Snoring & Obstructive Sleep Apnoea (OSA)
What is Snoring and OSA?
Snoring is a noise produced by vibration of tissues at the back of the throat and tongue during sleep. These tissues vibrate due to critical narrowing of the air passageway at the back of the throat. The narrowed air passageway, which is caused by sleep induced relaxation of the tissues at the back of the throat, can progress to complete airway closure in some patients, a condition called OSA. Not all patients who snore have OSA.
OSA is diagnosed when there are more than 5 episodes of complete air passageway closure lasting at least 10 seconds that occur during sleep. During these periods, the person is not breathing, leading to the body being starved of oxygen which eventually causes a partial arousal from sleep and with that a return to breathing. This cycle is repeated numerous times during sleep in OSA patients.
Is Snoring/ OSA serious?
Snoring alone is not life threatening. It is more a social problem with snorer possibly causing others sleepless nights. OSA on the other hand can be deadly. The frequent arousals in OSA causes sleep fragmentation leading to excessive daytime sleepiness, poor concentration and impaired memory. Sleepy patients have been found to be 6 times more prone to road traffic accidents. The OSA induced oxygen starvation during sleep can also cause a person to develop hypertension, hear problems and stroke.
Main Symptoms of OSA
- Gasping and choking for air during sleep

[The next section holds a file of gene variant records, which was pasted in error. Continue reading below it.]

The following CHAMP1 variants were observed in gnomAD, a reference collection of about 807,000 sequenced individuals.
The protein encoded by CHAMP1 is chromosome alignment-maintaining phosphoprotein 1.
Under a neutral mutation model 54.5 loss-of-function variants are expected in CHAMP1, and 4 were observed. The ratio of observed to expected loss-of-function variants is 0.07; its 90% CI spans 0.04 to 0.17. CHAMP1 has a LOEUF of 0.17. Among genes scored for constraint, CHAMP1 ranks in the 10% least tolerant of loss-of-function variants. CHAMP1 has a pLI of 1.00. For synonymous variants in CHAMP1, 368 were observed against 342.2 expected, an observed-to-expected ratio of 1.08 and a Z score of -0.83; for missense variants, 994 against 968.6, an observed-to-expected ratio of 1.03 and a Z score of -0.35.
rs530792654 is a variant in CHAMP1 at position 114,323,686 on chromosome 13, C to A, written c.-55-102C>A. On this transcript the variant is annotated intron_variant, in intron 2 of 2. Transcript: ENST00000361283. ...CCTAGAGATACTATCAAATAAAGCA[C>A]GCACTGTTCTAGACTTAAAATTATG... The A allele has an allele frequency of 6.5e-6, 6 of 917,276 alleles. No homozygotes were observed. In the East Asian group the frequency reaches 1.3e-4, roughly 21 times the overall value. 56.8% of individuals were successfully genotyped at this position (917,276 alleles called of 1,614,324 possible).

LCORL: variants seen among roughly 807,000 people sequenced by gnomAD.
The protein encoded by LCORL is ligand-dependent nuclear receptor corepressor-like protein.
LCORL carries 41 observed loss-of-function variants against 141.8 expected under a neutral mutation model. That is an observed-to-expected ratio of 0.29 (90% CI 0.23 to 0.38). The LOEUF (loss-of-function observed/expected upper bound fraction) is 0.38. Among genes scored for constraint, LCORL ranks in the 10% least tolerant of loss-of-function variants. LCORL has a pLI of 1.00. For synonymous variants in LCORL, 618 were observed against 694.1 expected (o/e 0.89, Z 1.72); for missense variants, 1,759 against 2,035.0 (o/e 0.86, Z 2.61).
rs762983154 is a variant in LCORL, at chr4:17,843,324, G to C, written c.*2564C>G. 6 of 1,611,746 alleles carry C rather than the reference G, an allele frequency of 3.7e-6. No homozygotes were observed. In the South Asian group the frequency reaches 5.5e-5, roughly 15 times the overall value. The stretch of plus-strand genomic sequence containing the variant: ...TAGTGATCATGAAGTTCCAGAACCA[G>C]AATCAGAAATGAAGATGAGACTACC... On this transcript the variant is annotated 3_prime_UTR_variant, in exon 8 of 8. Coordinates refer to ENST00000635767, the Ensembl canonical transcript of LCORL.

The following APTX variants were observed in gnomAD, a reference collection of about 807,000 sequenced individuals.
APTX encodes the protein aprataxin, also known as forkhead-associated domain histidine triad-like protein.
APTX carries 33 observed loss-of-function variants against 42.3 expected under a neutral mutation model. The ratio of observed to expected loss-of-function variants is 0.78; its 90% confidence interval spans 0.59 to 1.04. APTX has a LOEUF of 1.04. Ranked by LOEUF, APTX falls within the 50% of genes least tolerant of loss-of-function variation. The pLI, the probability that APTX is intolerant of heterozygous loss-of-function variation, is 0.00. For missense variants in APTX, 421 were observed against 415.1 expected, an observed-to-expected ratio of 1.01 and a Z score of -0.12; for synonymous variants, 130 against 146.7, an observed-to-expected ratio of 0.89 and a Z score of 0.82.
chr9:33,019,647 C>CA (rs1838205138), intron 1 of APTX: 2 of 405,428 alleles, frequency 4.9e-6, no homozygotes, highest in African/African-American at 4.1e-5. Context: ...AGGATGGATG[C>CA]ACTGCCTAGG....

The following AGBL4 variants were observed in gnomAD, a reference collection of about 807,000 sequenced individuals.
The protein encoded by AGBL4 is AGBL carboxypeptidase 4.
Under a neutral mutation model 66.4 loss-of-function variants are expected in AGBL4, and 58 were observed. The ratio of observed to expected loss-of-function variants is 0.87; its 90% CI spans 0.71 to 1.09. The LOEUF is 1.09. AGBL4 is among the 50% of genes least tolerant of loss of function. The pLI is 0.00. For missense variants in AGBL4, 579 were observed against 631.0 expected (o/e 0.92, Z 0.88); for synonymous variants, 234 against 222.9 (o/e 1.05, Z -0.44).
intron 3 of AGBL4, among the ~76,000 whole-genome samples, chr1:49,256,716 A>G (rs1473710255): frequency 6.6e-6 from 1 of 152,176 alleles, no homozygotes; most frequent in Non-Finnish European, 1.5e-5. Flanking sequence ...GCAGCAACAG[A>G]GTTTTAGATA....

- Excessive daytime sleepiness
- Poor concentration and poor job or school performance
Who gets OSA?
Both adults and children can have OSA. The typical adult patient with OSA is a middle aged, obese male. Men are two times more likely to have OSA as compared to women. Other patients may not have this typical profile but the OSA is due to enlarged tonsils, enlarged and floppy soft palate and blocked noses. Children with OSA typically have enlarged tonsils and adenoids.
How is OSA diagnosed?
Diagnosis of OSA is made from history, clinical examination and a sleep study. The clinical examination includes a nasoendoscopic examination in the clinic. A flexible tube with a light source is passed through the nostrils to view the throat and tongue to pinpoint the degree and site of air passageway narrowing.
All patients who snore or are suspected having OSA need to have a sleep study. During the study, which can be done at home, special sensors measure certain physical parameters of the body during sleep to assess for OSA. The data will then be analyzed and a report generated.
Treatment of Snoring/ OSA
Treatment is individualized and will depend on whether a patient has snoring alone or associated with OSA. The severity of OSA also dictates the treatment.
In general the treatment for snoring and OSA includes:
- Lifestyle changes: weight loss, reducing alcohol intake and improving sleep hygiene
- Continuous positive airway pressure devices (CPAP): A highly effective treatment for OSA where air pressure is used to keep the air passage way open during sleep.
- Surgery: Surgical procedures on the upper airway range from the simpler clinic procedures for snoring alone/ mild OSA to the more complex throat, palate, and tongue surgery done under general anesthetic for those with severe OSA.
Clinic procedures for snoring performed under local anaesthesia:
Bipolar Radiofrequency Tissue Volume Reduction (RaVoR) for snoring and mild OSA.
RaVoR Surgery of the Soft Palate
This procedure causes reduction and stiffening of the soft palate to treat snoring/mild OSA due to soft palate floppiness.
RaVoR Surgery of the Nasal Inferior Turbinates
Enlarged inferior turbinates causing blocked nose can result in snoring and mild OSA. This procedure causes shrinkage of the turbinates thus enhancing nasal airflow.